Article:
Background: No study has systematically evaluated the effect of distraction osteogenesis on the gingival tissues. Therefore, this study was designed to analyze the newly formed bone and gingiva during the consolidation period of mandibular osteodistraction using standard histologic techniques. Methods: Seventeen skeletally mature male beagle dogs underwent 10 mm of bilateral interdental mandibular lengthening. After distraction, the regenerates were allowed to consolidate for 0, 2, 4, 6, or 8 weeks, then the animals were sacrificed and tissues harvested for analysis. Results: Mineralization began at the host bone margins at the end of the distraction period, followed by a progressive increase in bone surface area, with a concomitant decrease in fibrous tissue. The gingiva initially underwent mild inflammatory and reactive changes during distraction and during the first few weeks of consolidation. The rate of bone formation gradually increased from the end of distraction to the fourth week of consolidation, at which time it remained constant until sometime before the eight week, when it tapered off slightly as remodeling began. From the second through the eighth week of consolidation, regenerative changes and neohistogenesis were seen in the gingival tissues. Conclusions: Osteodistraction has the potential to drastically decrease the total treatment time for alveolar bone augmentation prior to dentoalveolar implant placement since the regenerate bone rapidly mineralizes within approximately 8 to 10 weeks after the distraction period and the gingiva responds favorably to increased length by regeneration rather than by degeneration. Although the results appear favorable, similar data should be evaluated in human clinical trials.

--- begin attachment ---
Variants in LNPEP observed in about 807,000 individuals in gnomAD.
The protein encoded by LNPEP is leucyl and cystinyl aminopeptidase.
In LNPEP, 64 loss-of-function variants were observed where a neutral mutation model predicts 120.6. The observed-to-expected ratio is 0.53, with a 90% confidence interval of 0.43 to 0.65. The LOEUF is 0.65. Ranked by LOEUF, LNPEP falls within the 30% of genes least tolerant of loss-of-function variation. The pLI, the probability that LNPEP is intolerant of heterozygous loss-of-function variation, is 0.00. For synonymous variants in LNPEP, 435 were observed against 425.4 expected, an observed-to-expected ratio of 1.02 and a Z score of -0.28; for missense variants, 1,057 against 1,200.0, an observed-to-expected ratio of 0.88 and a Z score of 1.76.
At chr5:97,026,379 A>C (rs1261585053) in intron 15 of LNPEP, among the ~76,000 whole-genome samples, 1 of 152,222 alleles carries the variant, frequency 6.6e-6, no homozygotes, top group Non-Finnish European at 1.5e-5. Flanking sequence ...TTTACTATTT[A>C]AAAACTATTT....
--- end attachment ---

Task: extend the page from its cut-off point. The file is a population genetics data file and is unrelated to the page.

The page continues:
- Animal studies
- Bone regeneration
- Gingiva/anatomy and histology
ASJC Scopus subject areas